[thelist] Back button issue with QueryString

Chris W. Parker cparker at swatgear.com
Thu Jan 23 10:56:01 CST 2003


joshua's idea is pretty good. however it's not impossible to do without
javascript like joshua said.

1. submit form on page1 to page2
2. process form from page1 on page2
3. set a cookie on page2 stating that a message has not been displayed.
Response.Cookies("errordisplayed") = "no"
4. send them back to page1 with the error querystring
5. check the cookie before any output is written to the page. if the
cookie is "no" rewrite the cookie to be "yes" and continue with normal
processing, if the cookie is "yes" don't process the error but instead
display the page as it would normally appear.
6. kick up ya shoes and relax your feet, party on down to the xscape

this will work fine as long as cookies are enabled. if cookies are not
enabled* you could always use the session variable. i've never used this
feature so i don't know how it works exactly.


*you can check to see if cookies are enabled by trying to set a cookie
and then retrieving it. if you cannot retrieve it, it was not accepted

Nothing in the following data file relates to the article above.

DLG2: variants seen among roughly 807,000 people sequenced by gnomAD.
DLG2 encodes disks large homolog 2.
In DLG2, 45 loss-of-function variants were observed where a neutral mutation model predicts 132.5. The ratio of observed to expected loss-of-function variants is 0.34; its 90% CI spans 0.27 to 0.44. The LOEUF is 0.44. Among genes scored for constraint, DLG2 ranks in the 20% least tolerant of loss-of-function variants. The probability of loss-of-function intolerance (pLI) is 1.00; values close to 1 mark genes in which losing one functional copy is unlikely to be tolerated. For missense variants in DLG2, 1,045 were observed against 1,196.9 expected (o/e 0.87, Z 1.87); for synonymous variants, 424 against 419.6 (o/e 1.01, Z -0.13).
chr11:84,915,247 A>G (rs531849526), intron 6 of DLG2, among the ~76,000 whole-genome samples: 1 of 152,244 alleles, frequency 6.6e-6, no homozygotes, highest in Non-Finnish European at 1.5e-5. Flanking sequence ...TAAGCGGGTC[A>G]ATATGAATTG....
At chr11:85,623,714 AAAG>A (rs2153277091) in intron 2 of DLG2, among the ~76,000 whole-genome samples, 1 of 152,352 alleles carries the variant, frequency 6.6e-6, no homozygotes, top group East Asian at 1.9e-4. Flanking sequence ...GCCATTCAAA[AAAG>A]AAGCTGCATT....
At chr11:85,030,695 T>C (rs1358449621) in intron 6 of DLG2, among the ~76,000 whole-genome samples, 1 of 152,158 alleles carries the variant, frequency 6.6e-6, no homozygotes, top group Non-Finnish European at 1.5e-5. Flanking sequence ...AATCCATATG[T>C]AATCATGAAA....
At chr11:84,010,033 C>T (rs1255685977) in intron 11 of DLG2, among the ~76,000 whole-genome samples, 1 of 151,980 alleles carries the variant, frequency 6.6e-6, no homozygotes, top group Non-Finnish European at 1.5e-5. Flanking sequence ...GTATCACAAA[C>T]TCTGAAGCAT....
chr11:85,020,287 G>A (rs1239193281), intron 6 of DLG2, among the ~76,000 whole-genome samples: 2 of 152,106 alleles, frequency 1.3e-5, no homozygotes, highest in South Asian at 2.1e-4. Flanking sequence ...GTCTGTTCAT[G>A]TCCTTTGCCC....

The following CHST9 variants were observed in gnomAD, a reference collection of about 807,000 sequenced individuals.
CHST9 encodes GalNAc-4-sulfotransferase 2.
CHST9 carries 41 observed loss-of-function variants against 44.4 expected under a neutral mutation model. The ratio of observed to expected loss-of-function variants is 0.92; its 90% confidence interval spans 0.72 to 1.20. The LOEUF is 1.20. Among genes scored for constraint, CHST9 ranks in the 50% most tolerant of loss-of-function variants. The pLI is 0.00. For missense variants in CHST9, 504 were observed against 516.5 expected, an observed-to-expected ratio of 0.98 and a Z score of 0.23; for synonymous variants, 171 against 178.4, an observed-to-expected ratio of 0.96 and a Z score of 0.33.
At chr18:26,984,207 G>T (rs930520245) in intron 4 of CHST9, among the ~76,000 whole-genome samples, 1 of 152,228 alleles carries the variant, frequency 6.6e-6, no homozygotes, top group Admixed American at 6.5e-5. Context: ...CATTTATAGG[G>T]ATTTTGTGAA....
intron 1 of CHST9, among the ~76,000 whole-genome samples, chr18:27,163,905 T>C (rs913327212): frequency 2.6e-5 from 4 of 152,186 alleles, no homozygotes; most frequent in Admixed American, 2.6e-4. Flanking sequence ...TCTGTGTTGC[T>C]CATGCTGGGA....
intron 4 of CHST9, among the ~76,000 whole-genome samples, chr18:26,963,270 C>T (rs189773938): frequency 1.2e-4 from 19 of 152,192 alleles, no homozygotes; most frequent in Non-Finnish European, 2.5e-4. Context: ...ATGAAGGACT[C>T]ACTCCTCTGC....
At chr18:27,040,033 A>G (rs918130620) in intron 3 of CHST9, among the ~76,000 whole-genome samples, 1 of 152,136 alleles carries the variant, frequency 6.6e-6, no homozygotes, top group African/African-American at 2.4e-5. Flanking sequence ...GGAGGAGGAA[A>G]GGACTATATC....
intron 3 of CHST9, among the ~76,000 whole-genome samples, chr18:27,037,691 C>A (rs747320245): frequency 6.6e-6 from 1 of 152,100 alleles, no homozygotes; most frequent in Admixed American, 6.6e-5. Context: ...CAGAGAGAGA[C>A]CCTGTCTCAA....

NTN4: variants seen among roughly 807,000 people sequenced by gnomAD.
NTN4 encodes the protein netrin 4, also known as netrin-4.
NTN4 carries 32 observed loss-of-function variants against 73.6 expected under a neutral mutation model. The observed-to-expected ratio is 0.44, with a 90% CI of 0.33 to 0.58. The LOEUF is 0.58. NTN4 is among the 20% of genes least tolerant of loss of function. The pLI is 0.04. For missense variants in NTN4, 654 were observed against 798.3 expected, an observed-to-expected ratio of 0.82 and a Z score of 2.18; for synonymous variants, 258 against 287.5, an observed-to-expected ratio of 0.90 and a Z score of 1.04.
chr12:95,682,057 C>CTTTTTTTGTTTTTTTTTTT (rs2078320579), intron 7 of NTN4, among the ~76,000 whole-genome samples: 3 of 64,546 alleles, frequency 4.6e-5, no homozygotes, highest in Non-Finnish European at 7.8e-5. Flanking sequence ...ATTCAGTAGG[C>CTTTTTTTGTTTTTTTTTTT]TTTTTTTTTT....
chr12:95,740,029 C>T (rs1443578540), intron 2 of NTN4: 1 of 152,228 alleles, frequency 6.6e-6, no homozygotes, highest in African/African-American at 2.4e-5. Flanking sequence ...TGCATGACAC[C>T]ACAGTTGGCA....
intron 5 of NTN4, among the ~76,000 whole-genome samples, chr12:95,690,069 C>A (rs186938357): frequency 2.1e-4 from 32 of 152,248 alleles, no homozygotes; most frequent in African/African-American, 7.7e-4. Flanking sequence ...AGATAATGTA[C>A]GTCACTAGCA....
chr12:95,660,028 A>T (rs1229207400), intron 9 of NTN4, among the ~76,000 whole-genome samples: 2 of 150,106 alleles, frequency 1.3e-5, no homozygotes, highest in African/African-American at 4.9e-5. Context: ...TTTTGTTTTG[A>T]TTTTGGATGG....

by the client.

Joshua Olson <mailto:joshua at waetech.com> wrote:

> ----- Original Message -----
> From: "Michael Robertson" <mike at mikeemedia.com>
> Sent: Thursday, January 23, 2003 9:59 AM
> > Basically this part of the QueryString  "?msg=23" tells the
> server to call
> a
> > sub that pulls the corresponding message from a database
> and displays it
> in
> > the browser. That is working fine.
> >
> > The problem is if follow I link to another page and decide
> I want to go
> back
> > and hit the back button, the browser history calls
> > MyPage.asp?msg=23 and displays the message again which in most case
> > is not appropriate anymore.
> >
> > So I'm wondering if there is a way to eliminate that problem.
> Here's a completely ridiculously complex way to deal with this:
> 1.  Change the display code so that the error message is generated
> via JS using document.write instead of being inserted into the HTML
> directly.
> 2.  Set a cookie indicating that the message has already been
> displayed.
> 3.  Check for this cookie prior to actually calling the
> document.write.  If the cookie exists, do not display the text.
> This technique could work, but opens up a vast array of cans of worms.
> Here's another technique:
> Use session variables to make sure that the message is only displayed
> once.
> This would not work too well if the file came directly out of the
> users cache instead of being reloaded from the server.  Adding the
> appropriate headers to force the page to not be cached may help in
> this case.
> In a nutshell, what you are trying to do is basically impossible
> without JS. With JS, you could also use the location.replace function
> to make it so that the page that is concerning you get overwritten
> with the following page.
> I have other ideas too... ask if you need them.
> HTH,
> -joshua

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